Trump veterans' nominee weighing options after new allegations

WASHINGTON (Reuters) - U.S. President Donald Trump’s physician Ronny Jackson, nominated to head the Veterans Affairs Department, met with White House officials on Wednesday night following a new round of allegations about questionable drug prescriptions and on-the-job drunkenness, a source familiar with the situation told Reuters.

Jackson was weighing whether to proceed with congressional hearings or withdraw from consideration to lead the federal government’s second-largest agency, the source said. The controversy over his nomination is the latest in a long series of chaotic personnel issues for Trump’s White House.

The meeting came after Democratic staff on the Senate Veterans Affairs Committee compiled a two-page document describing allegations made by 23 unnamed colleagues and former colleagues, most of whom are still in the military.

The document, reviewed by Reuters, accuses Jackson, a rear admiral in the Navy, of prescribing himself medications, getting drunk at a Secret Service party and wrecking a government vehicle. The document also said Jackson once could not be reached on a work trip to provide medical treatment because he was passed out drunk in a hotel room.

Jackson told reporters at the White House earlier on Wednesday that he did not wreck a car, saying he did not know where the allegations were coming from.

The sprawling Department of Veterans Affairs has long been under fire for the quality of healthcare it provides veterans, a group that carries considerable political clout in America. During his election campaign, Trump vowed to clean it up.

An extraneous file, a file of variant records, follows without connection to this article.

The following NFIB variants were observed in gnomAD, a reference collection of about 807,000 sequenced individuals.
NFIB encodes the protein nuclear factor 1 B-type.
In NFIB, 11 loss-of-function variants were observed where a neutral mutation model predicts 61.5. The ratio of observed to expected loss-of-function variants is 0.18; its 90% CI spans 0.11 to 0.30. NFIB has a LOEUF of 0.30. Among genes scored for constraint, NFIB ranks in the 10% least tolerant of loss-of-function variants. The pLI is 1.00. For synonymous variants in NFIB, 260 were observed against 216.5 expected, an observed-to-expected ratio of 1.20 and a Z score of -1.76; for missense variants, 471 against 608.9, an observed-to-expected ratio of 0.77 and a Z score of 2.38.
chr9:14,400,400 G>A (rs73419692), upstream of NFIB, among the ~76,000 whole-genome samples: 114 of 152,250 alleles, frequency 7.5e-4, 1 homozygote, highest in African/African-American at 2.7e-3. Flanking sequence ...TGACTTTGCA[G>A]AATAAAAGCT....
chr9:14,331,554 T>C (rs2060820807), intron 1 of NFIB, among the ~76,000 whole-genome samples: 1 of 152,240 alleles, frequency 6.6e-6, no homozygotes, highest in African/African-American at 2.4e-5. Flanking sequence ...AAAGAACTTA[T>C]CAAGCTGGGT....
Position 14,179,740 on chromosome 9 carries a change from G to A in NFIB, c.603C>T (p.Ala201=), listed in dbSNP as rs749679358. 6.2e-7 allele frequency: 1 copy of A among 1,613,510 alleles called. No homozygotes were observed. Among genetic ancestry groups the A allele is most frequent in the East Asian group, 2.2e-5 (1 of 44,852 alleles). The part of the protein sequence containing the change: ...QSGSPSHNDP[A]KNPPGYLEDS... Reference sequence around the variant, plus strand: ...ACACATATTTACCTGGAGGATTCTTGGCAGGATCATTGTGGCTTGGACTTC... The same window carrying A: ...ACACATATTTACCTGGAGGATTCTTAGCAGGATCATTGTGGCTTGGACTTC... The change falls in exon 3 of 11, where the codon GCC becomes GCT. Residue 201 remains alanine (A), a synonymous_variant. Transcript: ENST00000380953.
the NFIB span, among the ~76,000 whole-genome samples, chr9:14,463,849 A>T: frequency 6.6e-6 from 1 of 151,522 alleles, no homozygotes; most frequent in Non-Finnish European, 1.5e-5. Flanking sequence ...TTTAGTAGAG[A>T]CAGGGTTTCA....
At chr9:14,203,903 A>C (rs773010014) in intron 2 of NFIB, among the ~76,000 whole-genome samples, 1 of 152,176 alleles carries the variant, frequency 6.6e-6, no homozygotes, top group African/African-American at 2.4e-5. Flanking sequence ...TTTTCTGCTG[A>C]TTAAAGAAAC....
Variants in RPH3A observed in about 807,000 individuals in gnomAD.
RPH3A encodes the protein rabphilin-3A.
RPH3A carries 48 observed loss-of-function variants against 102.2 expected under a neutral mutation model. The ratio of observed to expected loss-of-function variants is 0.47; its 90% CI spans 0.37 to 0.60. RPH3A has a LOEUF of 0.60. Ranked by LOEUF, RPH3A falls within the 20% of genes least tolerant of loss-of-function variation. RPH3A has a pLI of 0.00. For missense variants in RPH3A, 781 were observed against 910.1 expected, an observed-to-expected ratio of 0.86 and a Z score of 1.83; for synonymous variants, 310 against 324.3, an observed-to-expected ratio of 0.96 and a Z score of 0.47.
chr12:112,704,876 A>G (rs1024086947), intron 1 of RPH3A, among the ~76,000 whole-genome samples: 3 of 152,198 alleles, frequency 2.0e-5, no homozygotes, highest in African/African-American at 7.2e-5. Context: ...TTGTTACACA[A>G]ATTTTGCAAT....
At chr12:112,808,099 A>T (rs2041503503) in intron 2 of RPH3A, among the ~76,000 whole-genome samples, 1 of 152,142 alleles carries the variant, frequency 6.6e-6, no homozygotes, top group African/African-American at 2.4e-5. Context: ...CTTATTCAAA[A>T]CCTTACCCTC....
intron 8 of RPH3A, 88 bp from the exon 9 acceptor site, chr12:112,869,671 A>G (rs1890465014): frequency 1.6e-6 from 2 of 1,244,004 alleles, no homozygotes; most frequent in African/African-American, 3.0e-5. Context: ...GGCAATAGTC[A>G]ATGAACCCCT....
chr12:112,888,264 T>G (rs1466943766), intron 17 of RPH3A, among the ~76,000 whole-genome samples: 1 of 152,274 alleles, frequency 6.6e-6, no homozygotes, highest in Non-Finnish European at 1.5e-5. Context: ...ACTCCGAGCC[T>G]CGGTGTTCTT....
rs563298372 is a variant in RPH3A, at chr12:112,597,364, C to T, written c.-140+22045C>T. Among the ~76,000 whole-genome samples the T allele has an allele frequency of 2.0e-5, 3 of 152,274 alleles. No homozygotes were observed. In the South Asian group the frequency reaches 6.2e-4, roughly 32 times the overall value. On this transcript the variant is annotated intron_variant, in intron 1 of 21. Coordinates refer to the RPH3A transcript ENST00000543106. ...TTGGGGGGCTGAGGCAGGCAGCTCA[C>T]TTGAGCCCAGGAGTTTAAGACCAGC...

Jackson’s Senate confirmation hearing, originally slated for Wednesday, had already been postponed after senators from both parties said they wanted to examine allegations made by current and former colleagues to the committee.

Even after reports about additional allegations emerged, Jackson told reporters earlier on Wednesday that he was moving forward with the confirmation process.

Trump said on Tuesday it was up to Jackson to decide whether he would continue.

FILE PHOTO: U.S. President Donald Trump's nominee to be U.S. Secretary of Veterans Affairs, Navy Rear Adm. Ronny Jackson, meets with Senator Jon Tester (D-MT) at his office on Capitol Hill in Washington, U.S., April 17, 2018. REUTERS/Joshua Roberts


The Iraq war veteran took on a higher profile when he gave a long and glowing news conference about Trump’s health in January after his first presidential medical exam.

Trump fired his first secretary for the Veterans Affairs Department, David Shulkin, in March after concerns about unauthorized travel expenses. He surprised many by picking Jackson as the replacement, given that the White House doctor had no experience running a large operation.

The White House defended its vetting process, saying Jackson’s background had been evaluated by three different administrations where he had worked closely with the presidents and their families.

White House spokeswoman Sarah Sanders said Jackson had undergone four different background investigations, including a check by the Federal Bureau of Investigation, and had received strong recommendations from his superiors, including former President Barack Obama.

But Sanders said the White House was looking at the new allegations.

After she spoke with reporters, the Democrats’ document was released. It said Jackson was called “Candyman” because he would provide whatever prescriptions staff sought without paperwork. Sleeping pills and pills to wake up with were handed out on Air Force One “without triaging patient history,” the summary said.

Jackson once provided a large supply of Percocet painkillers to a staff member without immediately recording the transfer, alarming the rest of the team about the sudden shortage.

Trump’s White House has made combating opioid abuse one of its top priorities.

Jackson was described as unethical, explosive, toxic, abusive, volatile and someone who would have “screaming tantrums” and “screaming fits,” the document said.

People working with Jackson “noted a constant fear of reprisal,” and the document did not identify his accusers because of that, it said.

Additional reporting by Susan Cornwell and Jeff Mason; Editing by Cynthia Osterman and Lisa Shumaker